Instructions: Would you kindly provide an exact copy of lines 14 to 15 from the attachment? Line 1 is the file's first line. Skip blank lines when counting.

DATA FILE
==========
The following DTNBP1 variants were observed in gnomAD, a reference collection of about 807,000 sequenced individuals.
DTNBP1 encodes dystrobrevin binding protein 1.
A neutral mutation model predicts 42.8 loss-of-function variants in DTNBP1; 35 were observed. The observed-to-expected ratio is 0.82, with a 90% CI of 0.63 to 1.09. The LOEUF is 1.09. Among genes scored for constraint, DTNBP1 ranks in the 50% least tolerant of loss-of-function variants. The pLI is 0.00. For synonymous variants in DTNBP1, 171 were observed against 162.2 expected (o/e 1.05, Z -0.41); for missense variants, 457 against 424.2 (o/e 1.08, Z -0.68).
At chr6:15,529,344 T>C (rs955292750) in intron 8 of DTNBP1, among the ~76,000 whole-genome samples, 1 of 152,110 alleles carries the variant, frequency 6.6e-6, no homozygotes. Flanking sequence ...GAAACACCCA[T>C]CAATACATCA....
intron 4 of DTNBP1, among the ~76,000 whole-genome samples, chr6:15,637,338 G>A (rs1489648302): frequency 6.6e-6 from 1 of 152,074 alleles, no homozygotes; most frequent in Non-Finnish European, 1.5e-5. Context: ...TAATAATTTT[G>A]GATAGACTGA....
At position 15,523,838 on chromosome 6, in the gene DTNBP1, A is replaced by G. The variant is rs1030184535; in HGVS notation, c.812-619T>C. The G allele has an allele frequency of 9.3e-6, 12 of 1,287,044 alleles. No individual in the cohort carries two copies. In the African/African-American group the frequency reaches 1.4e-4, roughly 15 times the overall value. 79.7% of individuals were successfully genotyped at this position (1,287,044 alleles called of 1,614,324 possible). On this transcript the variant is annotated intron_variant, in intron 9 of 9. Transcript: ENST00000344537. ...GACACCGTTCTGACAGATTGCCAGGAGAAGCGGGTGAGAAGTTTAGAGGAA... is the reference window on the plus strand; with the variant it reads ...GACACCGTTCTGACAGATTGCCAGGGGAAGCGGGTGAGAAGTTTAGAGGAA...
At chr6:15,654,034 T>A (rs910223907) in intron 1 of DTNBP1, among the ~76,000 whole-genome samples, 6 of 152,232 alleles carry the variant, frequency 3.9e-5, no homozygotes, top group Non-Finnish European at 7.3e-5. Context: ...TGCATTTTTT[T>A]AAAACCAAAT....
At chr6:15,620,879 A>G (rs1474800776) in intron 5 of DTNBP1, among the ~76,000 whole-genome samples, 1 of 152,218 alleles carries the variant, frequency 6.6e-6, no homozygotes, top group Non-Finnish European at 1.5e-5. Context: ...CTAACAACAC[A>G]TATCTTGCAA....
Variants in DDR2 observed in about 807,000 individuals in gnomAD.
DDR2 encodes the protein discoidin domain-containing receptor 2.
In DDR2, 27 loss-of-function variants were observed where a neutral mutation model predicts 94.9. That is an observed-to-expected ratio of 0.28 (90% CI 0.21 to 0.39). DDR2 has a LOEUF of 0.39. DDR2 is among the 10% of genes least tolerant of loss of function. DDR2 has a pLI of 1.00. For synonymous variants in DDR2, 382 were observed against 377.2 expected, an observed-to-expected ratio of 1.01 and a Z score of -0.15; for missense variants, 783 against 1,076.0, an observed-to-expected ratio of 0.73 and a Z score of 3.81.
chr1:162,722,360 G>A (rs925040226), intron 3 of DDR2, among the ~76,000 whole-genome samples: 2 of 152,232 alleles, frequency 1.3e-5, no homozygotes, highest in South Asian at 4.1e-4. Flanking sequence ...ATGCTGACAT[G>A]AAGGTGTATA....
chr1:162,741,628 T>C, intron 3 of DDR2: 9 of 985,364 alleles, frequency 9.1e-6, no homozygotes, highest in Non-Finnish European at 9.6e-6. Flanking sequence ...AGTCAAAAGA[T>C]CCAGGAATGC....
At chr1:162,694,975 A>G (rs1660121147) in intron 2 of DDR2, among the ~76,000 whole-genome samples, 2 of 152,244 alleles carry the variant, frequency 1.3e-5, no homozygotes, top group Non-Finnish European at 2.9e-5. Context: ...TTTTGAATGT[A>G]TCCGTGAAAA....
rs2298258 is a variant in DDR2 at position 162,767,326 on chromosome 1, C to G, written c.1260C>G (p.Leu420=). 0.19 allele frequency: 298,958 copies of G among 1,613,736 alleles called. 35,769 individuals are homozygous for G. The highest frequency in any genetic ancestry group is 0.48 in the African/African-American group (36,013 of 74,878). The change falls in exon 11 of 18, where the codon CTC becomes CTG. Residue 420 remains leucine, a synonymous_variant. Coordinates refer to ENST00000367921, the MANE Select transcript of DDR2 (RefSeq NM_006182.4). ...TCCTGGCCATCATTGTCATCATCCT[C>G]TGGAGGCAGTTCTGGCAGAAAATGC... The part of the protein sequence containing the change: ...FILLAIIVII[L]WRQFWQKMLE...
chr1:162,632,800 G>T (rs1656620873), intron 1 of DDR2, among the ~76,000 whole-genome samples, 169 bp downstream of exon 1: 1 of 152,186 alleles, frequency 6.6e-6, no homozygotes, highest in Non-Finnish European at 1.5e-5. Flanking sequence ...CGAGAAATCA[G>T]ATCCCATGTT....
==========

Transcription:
At chr1:162,694,975 A>G (rs1660121147) in intron 2 of DDR2, among the ~76,000 whole-genome samples, 2 of 152,244 alleles carry the variant, frequency 1.3e-5, no homozygotes, top group Non-Finnish European at 2.9e-5. Context: ...TTTTGAATGT[A>G]TCCGTGAAAA....
rs2298258 is a variant in DDR2 at position 162,767,326 on chromosome 1, C to G, written c.1260C>G (p.Leu420=). 0.19 allele frequency: 298,958 copies of G among 1,613,736 alleles called. 35,769 individuals are homozygous for G. The highest frequency in any genetic ancestry group is 0.48 in the African/African-American group (36,013 of 74,878). The change falls in exon 11 of 18, where the codon CTC becomes CTG. Residue 420 remains leucine, a synonymous_variant. Coordinates refer to ENST00000367921, the MANE Select transcript of DDR2 (RefSeq NM_006182.4). ...TCCTGGCCATCATTGTCATCATCCT[C>G]TGGAGGCAGTTCTGGCAGAAAATGC... The part of the protein sequence containing the change: ...FILLAIIVII[L]WRQFWQKMLE...